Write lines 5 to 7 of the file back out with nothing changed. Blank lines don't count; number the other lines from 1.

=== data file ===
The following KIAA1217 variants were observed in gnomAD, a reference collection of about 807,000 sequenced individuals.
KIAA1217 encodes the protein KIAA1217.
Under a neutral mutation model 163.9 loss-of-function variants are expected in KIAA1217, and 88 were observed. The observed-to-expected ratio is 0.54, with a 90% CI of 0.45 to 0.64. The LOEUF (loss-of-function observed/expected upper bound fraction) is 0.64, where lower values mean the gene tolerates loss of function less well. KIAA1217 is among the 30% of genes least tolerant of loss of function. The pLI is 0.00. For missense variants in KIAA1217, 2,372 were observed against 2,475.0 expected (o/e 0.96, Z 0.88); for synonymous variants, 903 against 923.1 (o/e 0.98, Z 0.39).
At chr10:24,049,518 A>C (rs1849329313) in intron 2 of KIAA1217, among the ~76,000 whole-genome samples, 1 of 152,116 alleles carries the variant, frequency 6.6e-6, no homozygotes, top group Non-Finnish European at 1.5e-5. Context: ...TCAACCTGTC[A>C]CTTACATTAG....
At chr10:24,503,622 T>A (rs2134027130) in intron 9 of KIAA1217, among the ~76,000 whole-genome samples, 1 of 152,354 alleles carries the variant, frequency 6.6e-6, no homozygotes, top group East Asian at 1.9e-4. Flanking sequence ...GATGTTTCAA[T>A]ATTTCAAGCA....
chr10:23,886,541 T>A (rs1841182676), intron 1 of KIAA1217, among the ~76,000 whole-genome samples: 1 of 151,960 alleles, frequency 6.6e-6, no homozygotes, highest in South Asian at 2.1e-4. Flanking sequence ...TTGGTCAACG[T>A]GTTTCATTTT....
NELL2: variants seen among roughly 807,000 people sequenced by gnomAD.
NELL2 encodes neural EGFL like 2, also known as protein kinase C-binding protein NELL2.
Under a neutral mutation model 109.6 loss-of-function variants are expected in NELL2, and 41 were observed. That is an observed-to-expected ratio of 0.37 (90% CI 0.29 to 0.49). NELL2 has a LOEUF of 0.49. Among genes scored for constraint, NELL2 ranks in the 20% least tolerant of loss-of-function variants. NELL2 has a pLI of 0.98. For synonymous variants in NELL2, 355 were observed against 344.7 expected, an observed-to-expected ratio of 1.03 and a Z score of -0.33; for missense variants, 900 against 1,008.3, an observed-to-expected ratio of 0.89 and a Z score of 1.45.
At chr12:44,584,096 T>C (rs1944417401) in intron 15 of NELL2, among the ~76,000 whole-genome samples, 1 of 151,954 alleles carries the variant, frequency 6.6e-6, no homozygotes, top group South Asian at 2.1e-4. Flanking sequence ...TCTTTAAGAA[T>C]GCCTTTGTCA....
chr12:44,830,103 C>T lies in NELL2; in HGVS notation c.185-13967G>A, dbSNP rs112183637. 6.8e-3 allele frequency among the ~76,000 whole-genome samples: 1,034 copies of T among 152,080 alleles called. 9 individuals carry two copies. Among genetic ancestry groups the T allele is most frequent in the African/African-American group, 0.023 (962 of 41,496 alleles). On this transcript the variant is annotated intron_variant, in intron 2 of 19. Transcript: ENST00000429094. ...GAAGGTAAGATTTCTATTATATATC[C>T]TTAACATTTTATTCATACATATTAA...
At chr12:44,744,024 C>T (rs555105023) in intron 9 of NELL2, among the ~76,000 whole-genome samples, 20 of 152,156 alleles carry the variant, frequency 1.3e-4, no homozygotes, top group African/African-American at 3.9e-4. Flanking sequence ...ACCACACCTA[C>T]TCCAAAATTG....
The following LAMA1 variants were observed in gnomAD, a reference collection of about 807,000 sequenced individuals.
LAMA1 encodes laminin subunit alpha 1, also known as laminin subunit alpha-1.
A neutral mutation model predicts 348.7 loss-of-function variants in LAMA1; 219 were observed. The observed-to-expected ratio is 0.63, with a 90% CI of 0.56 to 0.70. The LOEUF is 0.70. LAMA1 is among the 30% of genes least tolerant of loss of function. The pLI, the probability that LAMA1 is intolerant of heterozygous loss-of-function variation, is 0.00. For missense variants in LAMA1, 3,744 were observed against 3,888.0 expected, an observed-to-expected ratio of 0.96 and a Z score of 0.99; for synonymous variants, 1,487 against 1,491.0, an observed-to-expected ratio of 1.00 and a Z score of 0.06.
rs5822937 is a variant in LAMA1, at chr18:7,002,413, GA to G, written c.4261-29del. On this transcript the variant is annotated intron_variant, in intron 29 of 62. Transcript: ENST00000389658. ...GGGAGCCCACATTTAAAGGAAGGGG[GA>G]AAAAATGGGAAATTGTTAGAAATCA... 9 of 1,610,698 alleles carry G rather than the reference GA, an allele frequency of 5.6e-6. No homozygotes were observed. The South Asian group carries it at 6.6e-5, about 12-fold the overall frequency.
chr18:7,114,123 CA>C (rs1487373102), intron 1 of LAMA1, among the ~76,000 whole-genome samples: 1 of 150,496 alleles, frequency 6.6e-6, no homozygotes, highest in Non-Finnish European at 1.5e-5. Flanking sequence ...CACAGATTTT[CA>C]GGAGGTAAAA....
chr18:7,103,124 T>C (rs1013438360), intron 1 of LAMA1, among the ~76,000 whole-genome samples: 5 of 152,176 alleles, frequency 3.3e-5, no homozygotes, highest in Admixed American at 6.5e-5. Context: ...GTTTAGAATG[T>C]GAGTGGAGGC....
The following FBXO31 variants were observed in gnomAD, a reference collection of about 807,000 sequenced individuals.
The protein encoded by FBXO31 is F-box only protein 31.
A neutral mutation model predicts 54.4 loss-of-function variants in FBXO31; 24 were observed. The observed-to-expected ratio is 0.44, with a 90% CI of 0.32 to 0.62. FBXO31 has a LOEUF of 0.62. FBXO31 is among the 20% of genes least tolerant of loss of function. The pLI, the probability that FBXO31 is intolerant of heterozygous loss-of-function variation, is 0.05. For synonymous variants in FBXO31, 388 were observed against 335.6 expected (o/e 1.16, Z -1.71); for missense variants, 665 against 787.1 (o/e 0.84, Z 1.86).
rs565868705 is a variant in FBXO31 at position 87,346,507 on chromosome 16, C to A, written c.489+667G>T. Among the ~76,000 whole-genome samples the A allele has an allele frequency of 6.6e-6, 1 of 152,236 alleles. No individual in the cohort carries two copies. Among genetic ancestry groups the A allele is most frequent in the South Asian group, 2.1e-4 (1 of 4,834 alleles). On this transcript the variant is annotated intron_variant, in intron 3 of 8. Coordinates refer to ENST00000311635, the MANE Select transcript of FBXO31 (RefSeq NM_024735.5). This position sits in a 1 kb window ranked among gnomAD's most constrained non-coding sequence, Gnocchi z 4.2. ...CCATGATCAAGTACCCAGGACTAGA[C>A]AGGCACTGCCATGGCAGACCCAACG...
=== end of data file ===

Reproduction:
At chr10:24,503,622 T>A (rs2134027130) in intron 9 of KIAA1217, among the ~76,000 whole-genome samples, 1 of 152,354 alleles carries the variant, frequency 6.6e-6, no homozygotes, top group East Asian at 1.9e-4. Flanking sequence ...GATGTTTCAA[T>A]ATTTCAAGCA....
chr10:23,886,541 T>A (rs1841182676), intron 1 of KIAA1217, among the ~76,000 whole-genome samples: 1 of 151,960 alleles, frequency 6.6e-6, no homozygotes, highest in South Asian at 2.1e-4. Flanking sequence ...TTGGTCAACG[T>A]GTTTCATTTT....
NELL2: variants seen among roughly 807,000 people sequenced by gnomAD.